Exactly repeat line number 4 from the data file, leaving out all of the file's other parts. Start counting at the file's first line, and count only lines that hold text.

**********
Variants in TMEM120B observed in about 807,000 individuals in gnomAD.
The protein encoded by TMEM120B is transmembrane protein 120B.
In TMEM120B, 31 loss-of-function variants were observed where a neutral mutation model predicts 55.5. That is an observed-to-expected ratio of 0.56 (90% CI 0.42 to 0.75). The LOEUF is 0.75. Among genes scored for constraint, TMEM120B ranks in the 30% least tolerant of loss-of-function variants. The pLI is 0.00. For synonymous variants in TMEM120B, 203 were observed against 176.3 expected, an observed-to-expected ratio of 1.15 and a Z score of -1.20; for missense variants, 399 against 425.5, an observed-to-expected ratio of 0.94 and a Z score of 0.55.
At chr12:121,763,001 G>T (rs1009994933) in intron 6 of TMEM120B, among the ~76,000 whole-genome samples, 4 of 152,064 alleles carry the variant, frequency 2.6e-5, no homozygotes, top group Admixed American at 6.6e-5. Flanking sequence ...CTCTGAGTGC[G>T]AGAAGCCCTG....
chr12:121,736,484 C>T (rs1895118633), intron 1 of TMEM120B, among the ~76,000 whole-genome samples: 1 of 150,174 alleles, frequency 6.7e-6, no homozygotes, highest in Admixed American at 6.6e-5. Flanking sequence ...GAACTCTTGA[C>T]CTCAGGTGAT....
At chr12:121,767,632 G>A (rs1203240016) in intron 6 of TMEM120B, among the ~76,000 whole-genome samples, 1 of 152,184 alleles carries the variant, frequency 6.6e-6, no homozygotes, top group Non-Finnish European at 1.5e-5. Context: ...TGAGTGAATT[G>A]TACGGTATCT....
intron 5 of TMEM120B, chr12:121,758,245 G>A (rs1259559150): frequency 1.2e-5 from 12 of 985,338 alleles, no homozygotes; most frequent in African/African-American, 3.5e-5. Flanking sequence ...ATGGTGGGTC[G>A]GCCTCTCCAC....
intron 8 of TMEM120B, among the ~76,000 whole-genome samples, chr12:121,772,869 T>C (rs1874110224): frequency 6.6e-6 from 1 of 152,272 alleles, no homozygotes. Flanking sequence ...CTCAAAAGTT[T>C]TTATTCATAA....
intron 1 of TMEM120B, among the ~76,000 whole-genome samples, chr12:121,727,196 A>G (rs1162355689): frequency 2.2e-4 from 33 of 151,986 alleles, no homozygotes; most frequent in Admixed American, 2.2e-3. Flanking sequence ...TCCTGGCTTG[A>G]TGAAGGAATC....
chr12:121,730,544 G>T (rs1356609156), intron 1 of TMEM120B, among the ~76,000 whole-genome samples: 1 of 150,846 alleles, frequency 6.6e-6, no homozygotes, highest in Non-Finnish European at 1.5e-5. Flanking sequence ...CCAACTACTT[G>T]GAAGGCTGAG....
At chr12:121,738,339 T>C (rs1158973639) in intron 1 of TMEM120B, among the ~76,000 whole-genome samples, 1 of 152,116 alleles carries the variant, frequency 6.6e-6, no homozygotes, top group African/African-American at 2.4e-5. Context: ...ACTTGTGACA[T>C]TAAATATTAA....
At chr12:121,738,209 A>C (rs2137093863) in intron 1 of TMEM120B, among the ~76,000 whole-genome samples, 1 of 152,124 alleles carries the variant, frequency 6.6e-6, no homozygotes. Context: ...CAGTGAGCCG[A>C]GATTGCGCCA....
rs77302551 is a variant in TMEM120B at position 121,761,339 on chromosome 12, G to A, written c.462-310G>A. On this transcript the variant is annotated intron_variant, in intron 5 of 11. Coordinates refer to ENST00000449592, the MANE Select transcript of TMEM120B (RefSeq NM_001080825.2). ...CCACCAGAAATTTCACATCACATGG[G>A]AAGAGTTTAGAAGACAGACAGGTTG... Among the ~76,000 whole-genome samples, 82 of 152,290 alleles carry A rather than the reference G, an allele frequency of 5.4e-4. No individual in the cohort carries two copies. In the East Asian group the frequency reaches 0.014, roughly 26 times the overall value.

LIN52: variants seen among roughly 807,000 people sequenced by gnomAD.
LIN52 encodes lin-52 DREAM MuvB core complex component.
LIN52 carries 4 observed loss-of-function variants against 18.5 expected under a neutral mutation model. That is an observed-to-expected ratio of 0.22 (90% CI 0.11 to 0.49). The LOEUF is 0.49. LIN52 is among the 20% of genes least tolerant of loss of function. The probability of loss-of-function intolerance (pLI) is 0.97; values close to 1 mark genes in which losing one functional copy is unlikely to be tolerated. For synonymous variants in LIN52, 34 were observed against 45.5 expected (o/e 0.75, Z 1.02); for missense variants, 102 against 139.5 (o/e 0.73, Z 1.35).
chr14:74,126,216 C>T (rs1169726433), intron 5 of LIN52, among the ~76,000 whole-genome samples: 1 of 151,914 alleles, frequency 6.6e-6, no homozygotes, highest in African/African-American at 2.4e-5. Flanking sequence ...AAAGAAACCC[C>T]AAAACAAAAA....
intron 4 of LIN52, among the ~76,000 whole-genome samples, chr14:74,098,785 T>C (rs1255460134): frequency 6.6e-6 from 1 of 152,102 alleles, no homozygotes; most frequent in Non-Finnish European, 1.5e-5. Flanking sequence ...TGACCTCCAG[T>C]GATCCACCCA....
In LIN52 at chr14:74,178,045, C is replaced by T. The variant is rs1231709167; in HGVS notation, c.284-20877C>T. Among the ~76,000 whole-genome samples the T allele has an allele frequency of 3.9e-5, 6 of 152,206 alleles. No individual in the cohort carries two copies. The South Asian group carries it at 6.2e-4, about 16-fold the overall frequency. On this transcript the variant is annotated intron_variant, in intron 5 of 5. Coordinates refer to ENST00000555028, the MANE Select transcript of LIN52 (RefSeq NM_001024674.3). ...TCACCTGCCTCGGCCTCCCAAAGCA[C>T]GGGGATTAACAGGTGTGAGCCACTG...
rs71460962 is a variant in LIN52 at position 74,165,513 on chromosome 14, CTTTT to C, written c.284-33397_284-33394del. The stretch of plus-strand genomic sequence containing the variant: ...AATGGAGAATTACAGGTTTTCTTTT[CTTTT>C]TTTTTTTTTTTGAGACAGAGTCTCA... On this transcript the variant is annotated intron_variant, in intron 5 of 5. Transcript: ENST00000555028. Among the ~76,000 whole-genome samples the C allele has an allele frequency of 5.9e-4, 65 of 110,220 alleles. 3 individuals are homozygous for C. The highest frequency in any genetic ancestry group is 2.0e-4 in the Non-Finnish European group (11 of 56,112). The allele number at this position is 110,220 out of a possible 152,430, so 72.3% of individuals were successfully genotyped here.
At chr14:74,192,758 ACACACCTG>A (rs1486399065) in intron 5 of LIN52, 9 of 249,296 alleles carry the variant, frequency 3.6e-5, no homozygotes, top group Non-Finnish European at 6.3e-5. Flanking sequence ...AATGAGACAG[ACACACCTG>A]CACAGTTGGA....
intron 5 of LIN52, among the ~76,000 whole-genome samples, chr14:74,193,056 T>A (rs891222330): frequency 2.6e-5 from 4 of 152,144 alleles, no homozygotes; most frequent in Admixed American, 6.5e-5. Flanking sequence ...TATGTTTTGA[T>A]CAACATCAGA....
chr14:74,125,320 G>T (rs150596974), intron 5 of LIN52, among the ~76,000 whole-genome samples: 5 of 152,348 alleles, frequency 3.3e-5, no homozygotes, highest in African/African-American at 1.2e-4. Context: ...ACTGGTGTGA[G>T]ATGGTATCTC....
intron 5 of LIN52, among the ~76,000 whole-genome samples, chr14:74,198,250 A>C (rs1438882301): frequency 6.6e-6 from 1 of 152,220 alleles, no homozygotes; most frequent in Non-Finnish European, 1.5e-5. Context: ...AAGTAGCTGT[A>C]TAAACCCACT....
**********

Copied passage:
At chr12:121,763,001 G>T (rs1009994933) in intron 6 of TMEM120B, among the ~76,000 whole-genome samples, 4 of 152,064 alleles carry the variant, frequency 2.6e-5, no homozygotes, top group Admixed American at 6.6e-5. Flanking sequence ...CTCTGAGTGC[G>T]AGAAGCCCTG....